In addition to Jian characters, Shackle also tells a portion of the book from the perspective of Darus, an Egril Chosen, an officer who has been granted a magical ability by their powerful leader. Darus is a psychotic torturer with severe sister issues, who delights in causing pain and torment and who is determined to win glory and power. Darus’s powers are ironically that of healing, meaning that he is essentially an immortal antagonist who can also heal people that he comes into contact with. He uses this power throughout the book to heal his victims, bringing them back from the brink of death, so that he can torture them again and again in order to break their spirits. As you can probably guess, Darus is a rather reprehensible and unredeemable character, but one who offers an intriguing counterpoint to the protagonists. It is always cool to see something from the villain’s point of view, and I felt that Darus was a perfect antagonist for this dark and twisted novel.

All five of these characters proved to be extremely interesting to follow, and I really liked where all of their arcs went. Shackle does an impressive job making their portrayals and emotions seem realistic, and you can almost feel the fear, anger and hatred that several of the characters exude. I appreciated how none of the protagonists were perfect heroes, and most of them are victims or products of the war and the circumstances they find themselves in. I found it rather interesting to see how the various characters saw each other throughout the course of the story, such as when some of the characters viewed Tinnstra for the first time and mistake her expressions of terror and apprehension for looks of determination and impatience to get towards the enemy. I also have to highlight the raft of cool and likeable side characters featured throughout the course of the story, many of whom steal several scenes from the point-of-view characters. These are a fun collection of side characters, although readers really should not get too attached to them, as they tend to have a rather short lifespan within the course of the book. Overall, We are the Dead contains some excellent and enjoyable characters, and I really appreciated the complicated and captivating storylines that Shackle wove around them.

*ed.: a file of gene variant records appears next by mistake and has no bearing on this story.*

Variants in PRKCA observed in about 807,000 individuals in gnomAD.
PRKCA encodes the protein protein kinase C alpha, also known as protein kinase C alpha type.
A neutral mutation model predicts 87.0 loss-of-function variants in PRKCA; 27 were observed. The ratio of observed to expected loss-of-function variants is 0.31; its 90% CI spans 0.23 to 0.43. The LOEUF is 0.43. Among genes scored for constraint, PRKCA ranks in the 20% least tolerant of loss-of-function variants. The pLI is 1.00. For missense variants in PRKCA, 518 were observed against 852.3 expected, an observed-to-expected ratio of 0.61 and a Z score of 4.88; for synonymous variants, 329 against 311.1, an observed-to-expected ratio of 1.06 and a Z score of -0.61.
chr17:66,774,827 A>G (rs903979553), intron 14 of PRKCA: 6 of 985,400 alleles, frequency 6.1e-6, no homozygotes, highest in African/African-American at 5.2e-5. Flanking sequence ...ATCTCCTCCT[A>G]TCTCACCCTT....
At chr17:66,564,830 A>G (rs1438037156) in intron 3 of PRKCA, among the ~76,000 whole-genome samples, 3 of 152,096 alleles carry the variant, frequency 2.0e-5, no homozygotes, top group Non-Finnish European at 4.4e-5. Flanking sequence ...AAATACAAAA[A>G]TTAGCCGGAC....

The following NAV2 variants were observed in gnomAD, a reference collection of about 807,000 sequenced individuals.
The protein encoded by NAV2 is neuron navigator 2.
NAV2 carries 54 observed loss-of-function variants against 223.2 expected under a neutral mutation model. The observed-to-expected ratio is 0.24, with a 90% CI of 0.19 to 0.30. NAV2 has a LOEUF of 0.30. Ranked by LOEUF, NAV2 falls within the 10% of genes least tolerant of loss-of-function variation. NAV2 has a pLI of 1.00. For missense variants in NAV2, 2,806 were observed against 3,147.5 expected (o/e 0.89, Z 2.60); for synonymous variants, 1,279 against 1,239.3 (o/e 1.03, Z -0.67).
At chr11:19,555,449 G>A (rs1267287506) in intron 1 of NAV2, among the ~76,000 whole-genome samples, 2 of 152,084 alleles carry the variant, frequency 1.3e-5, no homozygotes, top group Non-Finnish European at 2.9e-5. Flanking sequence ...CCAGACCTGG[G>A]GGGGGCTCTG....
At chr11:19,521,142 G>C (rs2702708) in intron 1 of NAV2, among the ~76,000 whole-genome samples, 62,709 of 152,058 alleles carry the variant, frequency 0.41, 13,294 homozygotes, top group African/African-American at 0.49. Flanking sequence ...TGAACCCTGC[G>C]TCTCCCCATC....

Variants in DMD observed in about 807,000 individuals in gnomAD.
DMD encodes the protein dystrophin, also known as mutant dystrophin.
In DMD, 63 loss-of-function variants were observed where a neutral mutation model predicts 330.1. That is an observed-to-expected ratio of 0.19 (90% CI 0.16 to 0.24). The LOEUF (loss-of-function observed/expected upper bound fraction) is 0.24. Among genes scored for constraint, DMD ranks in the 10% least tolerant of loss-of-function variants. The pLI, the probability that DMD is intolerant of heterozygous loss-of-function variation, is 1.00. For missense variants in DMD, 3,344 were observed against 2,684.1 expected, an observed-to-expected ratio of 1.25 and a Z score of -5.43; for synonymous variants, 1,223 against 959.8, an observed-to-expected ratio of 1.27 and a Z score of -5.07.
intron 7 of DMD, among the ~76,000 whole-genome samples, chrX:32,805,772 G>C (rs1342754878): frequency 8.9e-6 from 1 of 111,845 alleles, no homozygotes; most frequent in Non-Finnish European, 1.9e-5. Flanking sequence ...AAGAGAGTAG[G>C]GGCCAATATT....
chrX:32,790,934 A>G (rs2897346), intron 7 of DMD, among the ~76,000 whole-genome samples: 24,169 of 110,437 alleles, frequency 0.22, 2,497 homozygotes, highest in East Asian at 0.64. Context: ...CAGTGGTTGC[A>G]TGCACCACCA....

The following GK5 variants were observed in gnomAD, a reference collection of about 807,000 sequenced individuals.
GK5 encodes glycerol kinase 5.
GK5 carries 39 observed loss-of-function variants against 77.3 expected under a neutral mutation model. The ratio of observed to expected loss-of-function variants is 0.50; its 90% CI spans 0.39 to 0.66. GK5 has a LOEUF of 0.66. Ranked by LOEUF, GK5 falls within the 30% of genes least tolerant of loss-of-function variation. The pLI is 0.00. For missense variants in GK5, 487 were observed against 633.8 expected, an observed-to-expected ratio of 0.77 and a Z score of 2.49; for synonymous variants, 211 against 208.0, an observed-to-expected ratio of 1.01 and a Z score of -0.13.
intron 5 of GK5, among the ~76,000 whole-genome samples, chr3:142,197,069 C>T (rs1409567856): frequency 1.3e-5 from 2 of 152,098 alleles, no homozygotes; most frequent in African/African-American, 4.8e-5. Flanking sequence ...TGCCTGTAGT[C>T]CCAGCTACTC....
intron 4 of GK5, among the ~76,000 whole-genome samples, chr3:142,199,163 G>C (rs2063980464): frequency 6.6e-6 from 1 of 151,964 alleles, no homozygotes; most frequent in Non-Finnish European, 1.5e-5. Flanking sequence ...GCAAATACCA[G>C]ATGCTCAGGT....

In addition to the impressive story and excellent characters, Shackle has come up with an awesome new fantasy world for We are the Dead. The entirety of the story is set within the nation of Jia, a cultured land with a proud warrior tradition, which is somewhat reminiscent of feudal Japan. Shackle does a fantastic job of setting up this landscape in the initial couple of chapters, before everything changes thanks to the invasion. The new Jia, six months after the brutal conquest, is a vastly different place, filled with hunger, fear and desperation as the survivors are forced to adapt to their new way of life. Shackle did an amazing job portraying a nation completely under enemy occupation, and I was put in mind of Nazi-occupied France, due to the round up of civilians, the inclusion of collaborators and snitches, retaliations against the populace and the careful resistance movements relying on help from a nation across the sea to survive. The Egrils also proved to be a great antagonistic nation for the plot of this book, and I loved how they were able to fool the conceited Shulka warriors by pretending to be tribal savages for years, before invading with an organised and advanced army, utilising magical and demonic assets to perfection. There were some distinctive Nazi elements to the Egrils, such as the way that they swiftly conquered all of Jia in a few days with Blitzkrieg-like tactics, their absolute devotion to their anointed leader (who is totally going to turn out to be the lost brother of the mage Aasgod, right?), their stormtrooper-like appearance and tactics, as well as the fact that the narrator of the audiobook format gave all the Egril characters a distinctive Germanic accent. All of this proved to be an excellent background for We are the Dead and I loved seeing the story unfold in this recently conquered fantasy nation.